“Equipment makes a difference, but the main thing is to get out there.”
Richard Ballantine on cycle touring.
Last weekend I had the honour of providing rolling sound for Richard Ballantine’s funeral procession which ran down from Spaniards Inn – on the summit ridge of Hampstead Heath – to Golders Green crem’ and was – as one celebrant remarked – the speediest funeral parade in history.
Hauling battery and speaker up through Hornsey and Highgate to the rendezvous, early on one of the first summery Sundays of this late, late Spring it was striking how many people were out on bikes. Individuals, groups, dressed for riding or for leisure. Most of these people had never heard of the great man but all are – in some sense – his followers. If you weren’t there it’s hard to describe how outré cycling was in the early Seventies when Richard’s Bicycle Book was published. Its combination of practical advice and lyrical boldness may seem commonplace now but then it was weird and electrifying.
In the chapel a favourite bike, a Burrows Ratcatcher, leaned against the table supporting the coffin, ready for the road with drinking tube and lights. Richard’s son Sean briefly consternated the assembly by declaring his intention to “read from the Bible…” and got a big laugh when he clarified “…the bicycle bible Richard’s Bicycle Book.”
“Which brings us to the most positive series of reasons for trying to use bicycles at every opportunity. Basically, this is that it will enhance your life, bringing to it an increase in quality of experience which will find its reflection in everything you do.
Well! You have to expect that I would believe bicycling is a good idea, but how do I get off expressing the notion that bicycling is philosophically and morally sound? Because it is something that you do, not something that is done to you. Need I chronicle the oft-cited concept of increasing alienation in our lives? The mechanization of work and daily activities, the hardships our industrial society places in the way of loving and fulfilling relationships and family life, the tremendous difficulties individuals experience trying to influence political and economic decisions which affect them and others?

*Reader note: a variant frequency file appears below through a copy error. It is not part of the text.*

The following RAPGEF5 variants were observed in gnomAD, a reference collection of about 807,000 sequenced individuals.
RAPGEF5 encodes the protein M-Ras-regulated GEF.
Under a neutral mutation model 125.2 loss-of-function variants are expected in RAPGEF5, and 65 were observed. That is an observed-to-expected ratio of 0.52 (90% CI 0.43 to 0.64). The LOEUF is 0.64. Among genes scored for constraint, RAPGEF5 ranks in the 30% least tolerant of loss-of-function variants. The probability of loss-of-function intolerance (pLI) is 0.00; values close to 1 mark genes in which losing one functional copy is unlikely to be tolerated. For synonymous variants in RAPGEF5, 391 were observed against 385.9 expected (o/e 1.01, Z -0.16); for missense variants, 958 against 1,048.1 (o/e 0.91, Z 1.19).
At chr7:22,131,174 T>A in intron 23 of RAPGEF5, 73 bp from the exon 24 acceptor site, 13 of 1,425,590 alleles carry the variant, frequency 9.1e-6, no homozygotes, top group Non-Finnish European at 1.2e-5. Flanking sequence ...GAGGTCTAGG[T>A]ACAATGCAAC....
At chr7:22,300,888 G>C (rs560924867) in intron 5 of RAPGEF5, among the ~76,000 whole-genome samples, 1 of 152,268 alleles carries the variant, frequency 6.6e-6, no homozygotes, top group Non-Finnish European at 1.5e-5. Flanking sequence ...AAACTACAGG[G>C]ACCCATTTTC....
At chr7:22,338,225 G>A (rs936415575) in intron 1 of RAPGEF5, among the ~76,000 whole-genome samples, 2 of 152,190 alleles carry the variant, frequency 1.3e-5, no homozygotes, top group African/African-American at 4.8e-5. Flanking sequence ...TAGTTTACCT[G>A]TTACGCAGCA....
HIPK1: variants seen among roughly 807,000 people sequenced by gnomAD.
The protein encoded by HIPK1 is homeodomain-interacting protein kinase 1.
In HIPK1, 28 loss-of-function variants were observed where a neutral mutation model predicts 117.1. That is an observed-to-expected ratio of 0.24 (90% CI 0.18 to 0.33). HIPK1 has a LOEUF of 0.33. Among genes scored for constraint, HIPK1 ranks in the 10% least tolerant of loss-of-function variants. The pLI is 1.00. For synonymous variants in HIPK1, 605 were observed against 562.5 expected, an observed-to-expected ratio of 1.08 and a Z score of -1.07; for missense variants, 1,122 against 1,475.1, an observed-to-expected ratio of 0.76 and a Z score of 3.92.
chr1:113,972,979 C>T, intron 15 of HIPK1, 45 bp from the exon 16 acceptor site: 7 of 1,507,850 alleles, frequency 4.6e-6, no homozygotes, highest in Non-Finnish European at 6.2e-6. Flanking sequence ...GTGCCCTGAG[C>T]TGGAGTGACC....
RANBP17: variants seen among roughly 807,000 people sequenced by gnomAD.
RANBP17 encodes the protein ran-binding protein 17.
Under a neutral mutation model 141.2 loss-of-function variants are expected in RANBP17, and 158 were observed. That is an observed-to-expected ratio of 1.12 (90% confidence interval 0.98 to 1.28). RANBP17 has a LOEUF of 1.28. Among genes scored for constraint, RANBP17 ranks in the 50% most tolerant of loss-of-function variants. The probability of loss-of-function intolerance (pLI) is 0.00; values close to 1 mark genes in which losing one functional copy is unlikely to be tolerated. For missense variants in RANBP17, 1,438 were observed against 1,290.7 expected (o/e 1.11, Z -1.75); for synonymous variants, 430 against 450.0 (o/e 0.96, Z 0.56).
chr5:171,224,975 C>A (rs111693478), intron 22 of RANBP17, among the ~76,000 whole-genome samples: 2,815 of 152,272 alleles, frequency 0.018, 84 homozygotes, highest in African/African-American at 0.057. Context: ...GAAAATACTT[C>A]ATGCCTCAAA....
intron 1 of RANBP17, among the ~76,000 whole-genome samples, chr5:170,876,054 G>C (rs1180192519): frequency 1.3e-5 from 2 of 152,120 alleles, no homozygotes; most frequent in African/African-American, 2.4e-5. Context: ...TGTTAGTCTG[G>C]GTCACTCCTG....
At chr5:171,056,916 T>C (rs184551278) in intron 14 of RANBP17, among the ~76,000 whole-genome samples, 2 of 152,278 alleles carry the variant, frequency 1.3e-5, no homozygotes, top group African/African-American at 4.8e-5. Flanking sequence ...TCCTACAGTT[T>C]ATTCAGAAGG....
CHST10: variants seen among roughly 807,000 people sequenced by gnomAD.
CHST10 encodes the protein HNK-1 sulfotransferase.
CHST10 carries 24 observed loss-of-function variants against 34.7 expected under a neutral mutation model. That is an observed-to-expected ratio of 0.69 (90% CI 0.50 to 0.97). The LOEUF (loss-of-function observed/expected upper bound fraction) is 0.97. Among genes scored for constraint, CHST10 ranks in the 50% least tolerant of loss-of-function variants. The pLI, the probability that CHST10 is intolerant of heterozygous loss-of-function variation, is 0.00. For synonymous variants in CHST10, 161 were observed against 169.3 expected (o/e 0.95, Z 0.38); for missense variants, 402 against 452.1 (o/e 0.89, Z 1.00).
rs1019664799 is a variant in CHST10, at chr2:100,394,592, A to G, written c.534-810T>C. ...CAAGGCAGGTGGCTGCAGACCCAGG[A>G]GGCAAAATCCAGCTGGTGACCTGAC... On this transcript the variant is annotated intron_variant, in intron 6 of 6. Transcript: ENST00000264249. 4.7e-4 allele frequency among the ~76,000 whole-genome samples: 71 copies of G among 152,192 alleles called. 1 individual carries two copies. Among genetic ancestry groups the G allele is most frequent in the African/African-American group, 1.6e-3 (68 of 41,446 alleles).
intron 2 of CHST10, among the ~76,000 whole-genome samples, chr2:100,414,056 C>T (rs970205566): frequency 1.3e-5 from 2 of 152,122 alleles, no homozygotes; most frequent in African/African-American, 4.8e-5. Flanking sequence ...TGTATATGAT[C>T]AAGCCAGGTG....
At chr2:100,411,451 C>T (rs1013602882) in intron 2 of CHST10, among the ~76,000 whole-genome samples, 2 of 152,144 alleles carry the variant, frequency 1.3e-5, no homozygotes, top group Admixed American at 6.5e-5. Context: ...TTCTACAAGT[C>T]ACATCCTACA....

Of course there will always be people who say that they like things the way they are. They find the Tube really interesting, or insist on driving a chrome bomb and rattling everybody’s windows. But the fact is that trains are crowded, dirty impersonal and noisy and nearly all cars are ego-structured worthless tin junk (with bikes the more you pay the less you get).
The most important effect of mechanical contraptions is that they defeat consciousness. Consciousness, self-awareness, and development are the prerequisites for a life worth living. Now look at what happens to you on a bicycle. It’s immediate and direct. You pedal.
You experience the tang of the air and the surge of power as you bite into the road. You’re vitalized. As you hum along you fully and gloriously experience the day, the sunshine, the clouds, the breezes. You’re alive! You are going some place, and it is you who is doing it. Awareness increases, and each day becomes a little more important to you. With increased awareness you see and notice more, and this further reinforces awareness.”
Some of the detail in Richard’s Book – the capital ‘B’ is necessary and important because R.B. produced lot’s of other bicycle books, lots of other books – has been rendered obsolete by technological development. You must – for example – be some kind of dedicated machine-fiddler to feel nostalgic about cotter-pins. Richard Ballantine’s analysis of the value and joy of cycling will never fade.